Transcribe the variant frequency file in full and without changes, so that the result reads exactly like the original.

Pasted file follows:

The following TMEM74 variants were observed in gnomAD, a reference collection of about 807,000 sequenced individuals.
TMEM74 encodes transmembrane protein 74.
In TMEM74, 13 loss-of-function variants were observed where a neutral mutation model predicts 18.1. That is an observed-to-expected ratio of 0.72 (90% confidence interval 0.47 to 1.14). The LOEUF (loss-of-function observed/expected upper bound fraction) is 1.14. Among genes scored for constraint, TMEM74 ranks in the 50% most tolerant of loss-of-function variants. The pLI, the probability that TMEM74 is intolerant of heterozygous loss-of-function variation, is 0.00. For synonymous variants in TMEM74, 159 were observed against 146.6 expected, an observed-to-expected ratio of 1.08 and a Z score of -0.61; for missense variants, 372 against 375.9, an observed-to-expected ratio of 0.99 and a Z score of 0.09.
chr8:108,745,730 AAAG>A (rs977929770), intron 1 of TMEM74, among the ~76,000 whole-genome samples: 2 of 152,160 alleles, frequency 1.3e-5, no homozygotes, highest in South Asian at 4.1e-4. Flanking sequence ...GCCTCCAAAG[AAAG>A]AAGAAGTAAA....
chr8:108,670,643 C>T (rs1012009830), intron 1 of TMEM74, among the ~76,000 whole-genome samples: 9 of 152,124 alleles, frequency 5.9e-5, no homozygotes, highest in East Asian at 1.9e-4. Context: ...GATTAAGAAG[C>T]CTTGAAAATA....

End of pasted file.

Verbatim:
The following TMEM74 variants were observed in gnomAD, a reference collection of about 807,000 sequenced individuals.
TMEM74 encodes transmembrane protein 74.
In TMEM74, 13 loss-of-function variants were observed where a neutral mutation model predicts 18.1. That is an observed-to-expected ratio of 0.72 (90% confidence interval 0.47 to 1.14). The LOEUF (loss-of-function observed/expected upper bound fraction) is 1.14. Among genes scored for constraint, TMEM74 ranks in the 50% most tolerant of loss-of-function variants. The pLI, the probability that TMEM74 is intolerant of heterozygous loss-of-function variation, is 0.00. For synonymous variants in TMEM74, 159 were observed against 146.6 expected, an observed-to-expected ratio of 1.08 and a Z score of -0.61; for missense variants, 372 against 375.9, an observed-to-expected ratio of 0.99 and a Z score of 0.09.
chr8:108,745,730 AAAG>A (rs977929770), intron 1 of TMEM74, among the ~76,000 whole-genome samples: 2 of 152,160 alleles, frequency 1.3e-5, no homozygotes, highest in South Asian at 4.1e-4. Flanking sequence ...GCCTCCAAAG[AAAG>A]AAGAAGTAAA....
chr8:108,670,643 C>T (rs1012009830), intron 1 of TMEM74, among the ~76,000 whole-genome samples: 9 of 152,124 alleles, frequency 5.9e-5, no homozygotes, highest in East Asian at 1.9e-4. Context: ...GATTAAGAAG[C>T]CTTGAAAATA....